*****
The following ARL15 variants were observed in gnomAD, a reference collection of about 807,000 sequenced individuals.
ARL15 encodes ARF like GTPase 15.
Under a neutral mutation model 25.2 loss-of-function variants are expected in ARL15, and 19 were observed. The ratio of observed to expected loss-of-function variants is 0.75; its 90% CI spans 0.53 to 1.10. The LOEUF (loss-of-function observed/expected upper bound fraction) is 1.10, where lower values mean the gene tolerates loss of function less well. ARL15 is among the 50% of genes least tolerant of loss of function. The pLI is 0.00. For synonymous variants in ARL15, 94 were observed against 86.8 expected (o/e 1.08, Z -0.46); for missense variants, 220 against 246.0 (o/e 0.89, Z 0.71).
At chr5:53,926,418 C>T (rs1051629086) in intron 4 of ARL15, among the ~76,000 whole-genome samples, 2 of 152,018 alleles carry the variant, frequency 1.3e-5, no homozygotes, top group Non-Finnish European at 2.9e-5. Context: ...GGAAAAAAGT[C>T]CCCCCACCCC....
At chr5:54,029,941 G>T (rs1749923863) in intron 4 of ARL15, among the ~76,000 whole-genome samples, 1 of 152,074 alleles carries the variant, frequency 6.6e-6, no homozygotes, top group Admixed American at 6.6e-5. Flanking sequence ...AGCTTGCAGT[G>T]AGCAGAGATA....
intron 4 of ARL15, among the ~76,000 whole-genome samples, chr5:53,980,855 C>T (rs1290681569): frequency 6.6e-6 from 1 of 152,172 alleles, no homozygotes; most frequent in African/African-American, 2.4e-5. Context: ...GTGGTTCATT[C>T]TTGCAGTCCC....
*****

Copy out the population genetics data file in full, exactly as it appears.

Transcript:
The following ARL15 variants were observed in gnomAD, a reference collection of about 807,000 sequenced individuals.
ARL15 encodes ARF like GTPase 15.
Under a neutral mutation model 25.2 loss-of-function variants are expected in ARL15, and 19 were observed. The ratio of observed to expected loss-of-function variants is 0.75; its 90% CI spans 0.53 to 1.10. The LOEUF (loss-of-function observed/expected upper bound fraction) is 1.10, where lower values mean the gene tolerates loss of function less well. ARL15 is among the 50% of genes least tolerant of loss of function. The pLI is 0.00. For synonymous variants in ARL15, 94 were observed against 86.8 expected (o/e 1.08, Z -0.46); for missense variants, 220 against 246.0 (o/e 0.89, Z 0.71).
At chr5:53,926,418 C>T (rs1051629086) in intron 4 of ARL15, among the ~76,000 whole-genome samples, 2 of 152,018 alleles carry the variant, frequency 1.3e-5, no homozygotes, top group Non-Finnish European at 2.9e-5. Context: ...GGAAAAAAGT[C>T]CCCCCACCCC....
At chr5:54,029,941 G>T (rs1749923863) in intron 4 of ARL15, among the ~76,000 whole-genome samples, 1 of 152,074 alleles carries the variant, frequency 6.6e-6, no homozygotes, top group Admixed American at 6.6e-5. Flanking sequence ...AGCTTGCAGT[G>T]AGCAGAGATA....
intron 4 of ARL15, among the ~76,000 whole-genome samples, chr5:53,980,855 C>T (rs1290681569): frequency 6.6e-6 from 1 of 152,172 alleles, no homozygotes; most frequent in African/African-American, 2.4e-5. Context: ...GTGGTTCATT[C>T]TTGCAGTCCC....